World of Tunes

World of Tunes

What we liked:

+ Good-looking, polished
+ Good controls, simple
+ Moderate re-playability

What we didn't like:

- Some pop would go a long way
- Lacks multiple saves
- Short

DEVELOPER: Com2uS   |   PUBLISHER: Com2uS   |   RELEASE: 05/12/2009

“You’ve got rhythm”

World of Tunes is a charming rhythm game from Com2Us in which you tap “tuneys” in time with the music. The story goes that the tuneys’ World of Tunes is threatened by a menacing invading force that has stolen all the music. You get snippets of the story in comic style screens and cut-scenes, and while the tale is not captivating it is a pleasant backdrop for some idle mobile gaming. The tuneys – which look a lot like Slimes – are so darn cute and musical you want to help them, even if they don’t make it easy.

In defense of their world the little guys leap up in time with the music in the vein of Elite Beat Agents. Tuneys are trapped inside a shrinking, electrified circle, and tapping them at the right time (the peak of their arc) saves them. In addition to completing songs, which restore the puzzle pieces of the World of Tunes, there are boss battles. Before you begin the boss battle, the final frame of the comic will tell you how to defend and attack that particular foe. You still tap tuneys like in a typical level, only successfully deploying tuneys in time with the song is an attack on the boss. Then, the boss will retaliate and you have to stop his attack – whether a slew of bombs, poisonous gas or fire. One boss is a giant plant you slap about the face, and all of them remind me at least a little bit of Mario battles, a comparison aided by the bosses crumbling like a castle upon defeat.

Most tuneys are run of the mill blobs, while other tuneys are giant and must be tapped three times at three different points. Mixing it up a little are exploding tuneys and tuneys that you have to drag along a path to complete the song. This was tricky at times, and at first it was not clear what to do. While there is a learning option in the menu it only introduces you to the basics and does not explain some gameplay points, like how to deal with unique tuneys in DJ mode. Even in Easy mode the health bar is not so forgiving that it encourages experimentation.

The health bar at the top of the screen monitors your progress, and it is game over if you lose too many tuneys and the meter runs dry. At the end of a song or battle your performance is reviewed based on things like combos, a percent completion and ultimately a letter grade. Your high scores are recorded, but the game lacks multiple saves and the ability to associate a name with a score, which is always a drag. Without features like that, how can I show friends and family how much better than them I am?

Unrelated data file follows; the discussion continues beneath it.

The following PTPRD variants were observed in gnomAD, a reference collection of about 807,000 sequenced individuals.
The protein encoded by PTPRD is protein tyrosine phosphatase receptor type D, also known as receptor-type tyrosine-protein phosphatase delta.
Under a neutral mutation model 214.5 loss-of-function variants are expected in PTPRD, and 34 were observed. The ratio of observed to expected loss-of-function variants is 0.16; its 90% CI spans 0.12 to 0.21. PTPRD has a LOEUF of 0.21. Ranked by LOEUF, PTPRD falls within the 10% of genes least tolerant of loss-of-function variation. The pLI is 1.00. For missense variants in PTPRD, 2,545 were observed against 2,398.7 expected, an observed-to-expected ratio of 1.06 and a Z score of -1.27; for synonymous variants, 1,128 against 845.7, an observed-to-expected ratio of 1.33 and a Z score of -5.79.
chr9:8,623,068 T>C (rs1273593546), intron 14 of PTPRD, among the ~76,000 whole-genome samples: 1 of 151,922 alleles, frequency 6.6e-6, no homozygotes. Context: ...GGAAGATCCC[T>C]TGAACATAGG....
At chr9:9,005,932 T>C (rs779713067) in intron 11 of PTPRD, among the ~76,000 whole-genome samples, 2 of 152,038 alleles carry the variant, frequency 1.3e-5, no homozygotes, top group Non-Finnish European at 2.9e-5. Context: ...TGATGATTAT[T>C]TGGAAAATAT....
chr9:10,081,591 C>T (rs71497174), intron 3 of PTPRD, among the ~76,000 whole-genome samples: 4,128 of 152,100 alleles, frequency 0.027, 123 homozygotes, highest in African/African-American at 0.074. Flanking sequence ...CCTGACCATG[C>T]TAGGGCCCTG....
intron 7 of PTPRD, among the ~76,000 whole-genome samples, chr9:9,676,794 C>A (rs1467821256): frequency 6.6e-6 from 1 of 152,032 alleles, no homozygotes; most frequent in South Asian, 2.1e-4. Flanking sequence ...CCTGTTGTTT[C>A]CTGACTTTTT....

The game moves quickly through six levels and four boss battles. The levels are re-playable but the experience is short-lived. In addition to the Story Mode is Freeplay, which allows you to choose any level out of the story to hone your skill and try for a higher score. DJ mode changes gameplay, and instead of tuneys moving in arcs to different points on the screen they accelerate in different, fixed, columns to a median point where you must tap them. It is more of a Tap Tap Revenge take on the game, and is a lite version of the gameplay found in Story Mode with half as many tracks. Each mode is available in Easy (which shows where the tuneys will peak) and Normal, with an unlockable Hard mode. If the game still just isn’t challenging enough you can try Crazy Mode, where the tuneys’ movements are unpredictable.

Graphics are cheerful and bright with well-designed menus. The game cinematics play in the video player, which at first seemed like a hasty move but I don’t mind the choice. I was able to pause, skip or rewind them like a mini-movie, and it was very convenient. The screen positively explodes when you are doing well with colors, sounds and a different backdrop. This is one of those games that for me and my eyes success is almost a punishment as the screen becomes a sea of victorious eruption, making tuney tapping that much more difficult. Oddly, the status bar for the iPhone is visible in game. The game is so vibrant and the visuals so distracting it isn’t a huge thing, but it is there.

The music is styled for a game, and enjoyable without being really memorable. There are just shy of a dozen tracks in World of Tunes, and if you think they are the bees knees you can access them for pure listening fun in the Jukebox feature. All the songs are a brief couple of minutes, and consequently the levels are pretty short. This makes them good for on the go gaming and bad for staying power. Still, World of Tunes is a great looking, polished mobile game with some re-playability, and the sale price of $1.99 is a perfect fit.

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